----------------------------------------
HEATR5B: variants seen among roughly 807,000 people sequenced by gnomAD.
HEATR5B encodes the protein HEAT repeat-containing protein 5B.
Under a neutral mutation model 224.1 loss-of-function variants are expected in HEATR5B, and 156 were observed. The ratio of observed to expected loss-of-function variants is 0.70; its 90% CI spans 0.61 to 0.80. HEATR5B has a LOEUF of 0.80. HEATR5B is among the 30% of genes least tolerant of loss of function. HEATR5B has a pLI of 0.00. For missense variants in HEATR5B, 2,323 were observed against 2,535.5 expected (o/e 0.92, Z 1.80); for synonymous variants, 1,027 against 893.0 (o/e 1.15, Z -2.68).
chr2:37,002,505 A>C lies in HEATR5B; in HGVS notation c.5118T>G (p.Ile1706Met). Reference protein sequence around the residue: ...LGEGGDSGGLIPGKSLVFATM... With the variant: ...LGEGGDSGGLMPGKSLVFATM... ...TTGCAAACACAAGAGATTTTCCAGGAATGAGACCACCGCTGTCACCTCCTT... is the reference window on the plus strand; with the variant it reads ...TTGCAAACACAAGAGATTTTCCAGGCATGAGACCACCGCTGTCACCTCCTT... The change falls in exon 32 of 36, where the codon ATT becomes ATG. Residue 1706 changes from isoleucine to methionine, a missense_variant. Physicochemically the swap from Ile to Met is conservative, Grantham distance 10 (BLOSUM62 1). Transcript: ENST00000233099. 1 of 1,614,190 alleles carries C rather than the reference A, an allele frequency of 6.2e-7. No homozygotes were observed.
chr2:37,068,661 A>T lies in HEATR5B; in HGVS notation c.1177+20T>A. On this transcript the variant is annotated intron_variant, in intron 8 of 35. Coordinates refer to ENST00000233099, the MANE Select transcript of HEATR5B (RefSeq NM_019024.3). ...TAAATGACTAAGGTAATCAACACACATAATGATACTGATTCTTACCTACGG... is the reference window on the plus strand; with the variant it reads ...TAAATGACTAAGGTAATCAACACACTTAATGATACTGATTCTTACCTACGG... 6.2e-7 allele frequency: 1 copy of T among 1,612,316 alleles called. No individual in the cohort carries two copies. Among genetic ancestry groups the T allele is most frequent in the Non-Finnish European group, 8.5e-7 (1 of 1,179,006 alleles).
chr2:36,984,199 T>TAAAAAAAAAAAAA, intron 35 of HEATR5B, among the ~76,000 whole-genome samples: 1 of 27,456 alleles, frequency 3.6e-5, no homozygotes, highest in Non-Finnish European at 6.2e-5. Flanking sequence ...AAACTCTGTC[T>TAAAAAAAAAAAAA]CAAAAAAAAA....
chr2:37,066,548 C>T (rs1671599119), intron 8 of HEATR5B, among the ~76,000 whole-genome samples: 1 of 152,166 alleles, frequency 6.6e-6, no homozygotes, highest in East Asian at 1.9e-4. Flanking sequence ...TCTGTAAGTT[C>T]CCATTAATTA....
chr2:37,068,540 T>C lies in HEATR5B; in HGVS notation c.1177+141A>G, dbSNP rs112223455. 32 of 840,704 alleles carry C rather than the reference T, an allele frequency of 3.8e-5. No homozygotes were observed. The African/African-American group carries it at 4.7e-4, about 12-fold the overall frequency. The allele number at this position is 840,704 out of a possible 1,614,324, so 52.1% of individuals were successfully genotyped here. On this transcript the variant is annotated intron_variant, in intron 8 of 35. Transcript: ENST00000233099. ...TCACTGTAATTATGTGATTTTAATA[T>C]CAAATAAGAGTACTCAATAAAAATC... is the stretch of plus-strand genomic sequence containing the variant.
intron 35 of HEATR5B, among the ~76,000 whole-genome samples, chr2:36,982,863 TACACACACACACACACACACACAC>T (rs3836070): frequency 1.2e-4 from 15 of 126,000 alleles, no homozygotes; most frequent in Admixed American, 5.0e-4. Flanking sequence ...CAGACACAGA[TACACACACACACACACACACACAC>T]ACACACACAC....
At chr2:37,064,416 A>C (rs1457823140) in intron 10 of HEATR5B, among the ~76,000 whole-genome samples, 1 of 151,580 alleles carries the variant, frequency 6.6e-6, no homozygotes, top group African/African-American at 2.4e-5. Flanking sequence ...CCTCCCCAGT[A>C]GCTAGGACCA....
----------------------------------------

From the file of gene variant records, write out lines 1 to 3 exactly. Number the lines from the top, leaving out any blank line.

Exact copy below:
HEATR5B: variants seen among roughly 807,000 people sequenced by gnomAD.
HEATR5B encodes the protein HEAT repeat-containing protein 5B.
Under a neutral mutation model 224.1 loss-of-function variants are expected in HEATR5B, and 156 were observed. The ratio of observed to expected loss-of-function variants is 0.70; its 90% CI spans 0.61 to 0.80. HEATR5B has a LOEUF of 0.80. HEATR5B is among the 30% of genes least tolerant of loss of function. HEATR5B has a pLI of 0.00. For missense variants in HEATR5B, 2,323 were observed against 2,535.5 expected (o/e 0.92, Z 1.80); for synonymous variants, 1,027 against 893.0 (o/e 1.15, Z -2.68).